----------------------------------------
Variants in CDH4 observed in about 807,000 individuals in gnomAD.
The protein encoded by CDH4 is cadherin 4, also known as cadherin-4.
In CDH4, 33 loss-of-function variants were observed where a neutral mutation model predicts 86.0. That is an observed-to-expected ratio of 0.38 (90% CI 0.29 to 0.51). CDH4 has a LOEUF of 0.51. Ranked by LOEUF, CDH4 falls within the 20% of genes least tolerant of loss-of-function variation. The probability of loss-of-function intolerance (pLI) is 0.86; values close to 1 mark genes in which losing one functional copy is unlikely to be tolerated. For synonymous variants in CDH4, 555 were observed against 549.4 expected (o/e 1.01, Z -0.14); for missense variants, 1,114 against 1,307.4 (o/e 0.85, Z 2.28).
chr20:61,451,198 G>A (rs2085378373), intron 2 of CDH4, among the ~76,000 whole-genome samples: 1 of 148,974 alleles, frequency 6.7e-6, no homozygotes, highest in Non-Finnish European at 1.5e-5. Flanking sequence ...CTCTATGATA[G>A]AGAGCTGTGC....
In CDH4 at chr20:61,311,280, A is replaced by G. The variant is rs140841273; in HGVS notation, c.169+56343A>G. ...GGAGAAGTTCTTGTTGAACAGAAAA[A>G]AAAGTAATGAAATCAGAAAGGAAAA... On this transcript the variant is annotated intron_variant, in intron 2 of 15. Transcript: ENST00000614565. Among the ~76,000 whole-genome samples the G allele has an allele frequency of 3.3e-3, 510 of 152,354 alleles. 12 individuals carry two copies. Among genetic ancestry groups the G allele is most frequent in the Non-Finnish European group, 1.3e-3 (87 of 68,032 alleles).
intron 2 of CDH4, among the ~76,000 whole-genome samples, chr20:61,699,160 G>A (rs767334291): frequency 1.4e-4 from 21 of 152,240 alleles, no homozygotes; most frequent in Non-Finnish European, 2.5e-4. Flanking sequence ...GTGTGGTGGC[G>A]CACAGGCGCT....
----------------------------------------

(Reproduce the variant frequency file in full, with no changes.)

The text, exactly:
Variants in CDH4 observed in about 807,000 individuals in gnomAD.
The protein encoded by CDH4 is cadherin 4, also known as cadherin-4.
In CDH4, 33 loss-of-function variants were observed where a neutral mutation model predicts 86.0. That is an observed-to-expected ratio of 0.38 (90% CI 0.29 to 0.51). CDH4 has a LOEUF of 0.51. Ranked by LOEUF, CDH4 falls within the 20% of genes least tolerant of loss-of-function variation. The probability of loss-of-function intolerance (pLI) is 0.86; values close to 1 mark genes in which losing one functional copy is unlikely to be tolerated. For synonymous variants in CDH4, 555 were observed against 549.4 expected (o/e 1.01, Z -0.14); for missense variants, 1,114 against 1,307.4 (o/e 0.85, Z 2.28).
chr20:61,451,198 G>A (rs2085378373), intron 2 of CDH4, among the ~76,000 whole-genome samples: 1 of 148,974 alleles, frequency 6.7e-6, no homozygotes, highest in Non-Finnish European at 1.5e-5. Flanking sequence ...CTCTATGATA[G>A]AGAGCTGTGC....
In CDH4 at chr20:61,311,280, A is replaced by G. The variant is rs140841273; in HGVS notation, c.169+56343A>G. ...GGAGAAGTTCTTGTTGAACAGAAAA[A>G]AAAGTAATGAAATCAGAAAGGAAAA... On this transcript the variant is annotated intron_variant, in intron 2 of 15. Transcript: ENST00000614565. Among the ~76,000 whole-genome samples the G allele has an allele frequency of 3.3e-3, 510 of 152,354 alleles. 12 individuals carry two copies. Among genetic ancestry groups the G allele is most frequent in the Non-Finnish European group, 1.3e-3 (87 of 68,032 alleles).
intron 2 of CDH4, among the ~76,000 whole-genome samples, chr20:61,699,160 G>A (rs767334291): frequency 1.4e-4 from 21 of 152,240 alleles, no homozygotes; most frequent in Non-Finnish European, 2.5e-4. Flanking sequence ...GTGTGGTGGC[G>A]CACAGGCGCT....